Hip Replacement Surgery does what it says it does....it is a surgical procedure that replaces the hip joint.
Partial or full replacement of the hip joint is performed when the structural integrity is too far gone to be fixed by other methods.
Obviously the best time to pay attention to the hip is BEFORE hip replacement is necessary or even advisable.
Having said, that, in most cases, by the time surgery is recommended, it's needed.
When a hip joint structure is too damaged, degraded, disintegrated, degenerated to function without great amounts of pain and/or disability, doctors recommend hip joint surgery.
This is either:
Arthroscopic Hip Surgery
Arthroscopic surgery on the hip is more of a 'clean up' procedure.
The surgeon makes two small incisions and sticks a camera and a cutting tool into the joint.
This way they can clean up:
Arthroscopic surgery definitely still requires recovery time and rehab, but compared to a hip replacement it's relatively minor.
Hip Replacement Surgery
Hip replacement surgery has two main categories:
Partial Hip Replacement
Hip hemiarthroplasty is the medical terminology for a partial hip replacement procedure.
It is used more for injury (fractured and/or broken hip bones from traumatic injury).
This procedure generally consists of replacing only the ball part of the joint (femoral head). The socket (acetabulum) is not replaced.
Full Hip Replacement
The full replacement procedure replaces both the femoral head and hip socket with metal parts.
Unfortunately this does not make the recipient a cyborg, nor give them super powers. No leaping over a building with a single bound.
But, once healed up some, it does grant somebody that wasn't very mobile due to hip joint pain the ability to walk, stand, and move around again.
The procedure consists of cutting off the head and neck of the femur bone, and grinding out the socket.
The remaining top of the long bone gets a metal replacement pounded in (literally), and the dug out and smoothed out socket gets a metal cup secured into it (with or without a special cement).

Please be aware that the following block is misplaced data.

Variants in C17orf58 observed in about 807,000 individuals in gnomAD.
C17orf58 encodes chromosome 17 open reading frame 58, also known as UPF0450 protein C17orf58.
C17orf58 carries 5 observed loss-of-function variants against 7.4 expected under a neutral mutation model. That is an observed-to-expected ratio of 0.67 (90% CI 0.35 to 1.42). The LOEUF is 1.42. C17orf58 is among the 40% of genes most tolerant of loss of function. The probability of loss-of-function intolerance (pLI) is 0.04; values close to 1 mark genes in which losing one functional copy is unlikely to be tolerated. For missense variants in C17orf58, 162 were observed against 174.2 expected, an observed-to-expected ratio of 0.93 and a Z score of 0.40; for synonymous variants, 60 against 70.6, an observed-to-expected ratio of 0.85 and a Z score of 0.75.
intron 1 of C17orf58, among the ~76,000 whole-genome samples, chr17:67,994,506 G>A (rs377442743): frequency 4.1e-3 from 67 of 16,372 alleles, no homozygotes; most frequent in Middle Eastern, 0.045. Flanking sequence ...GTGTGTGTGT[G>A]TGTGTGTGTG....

As technology and technique has improved, there is now a variation where instead of using one big long incision in the skin (and deeper tissue as necessary) a more minimally invasive procedure can be used (depending on the patient's specific scenario) that utilizes two smaller incisions.
The allows for less pain and quicker recovery.
I'm am constantly amazed how effective and minimally problematic hip replacement surgery is, even in the elderly.
If you're a candidate for this surgery, I recommend that you DO NOT watch a video of the surgery being done. Your brain doesn't need to see that.
But, having watched the surgery, and knowing what it consists of, it's clear that it is a VERY traumatic surgery.
They have to:
And then recovery, which takes months and months.
Having said all that, and traumatic as the procedure is, hip replacement surgery is one of the most successful of all orthopedic surgeries.
The majority of patients report about 95% pain relief (after 6+ months of healing and recovery).
How Long Will The Artificial Hip Last?
Research over decades shows that 20 years after the implant, 9 out of 10 (some say 8 of 10) recipients still have a functioning replacement and will not need another surgery (because the hardware wore out).
And 30 years later, 7 out of 10 recipients still have a functioning implant.
After hip replacement surgery comes the recovery period.
You're going to be down for a while.
You're going to need some pain meds.
You should take all possible measures to reverse any osteoporosis and help bone density so the bones will heal as fast and as strong as possible after the surgery trauma and to help 'hold' the new metal implants.
Presuming that there are no hip replacement surgery complications...
Hip replacement is surprisingly effective. Even the complication rates are very low.
Only 1%-5% of patients experience complications post-surgery.
Granted, these include heart attack, pulmonary embolism, kidney failure, and stroke.
Having said that, most hip replacement recipients are 'elderly' or getting close to it, so there's often other health issues at play.
If there are no complications, then you're looking at Hip Replacement Recovery.
And you'll still have:
See: What Is Tendonitis?
Hip Replacement Surgery is a big undertaking, but the outcomes are pretty good. Remember though, it's not a magic bullet and it's going to hurt and be limiting for a good long while. So balance/compare where you're at against that.
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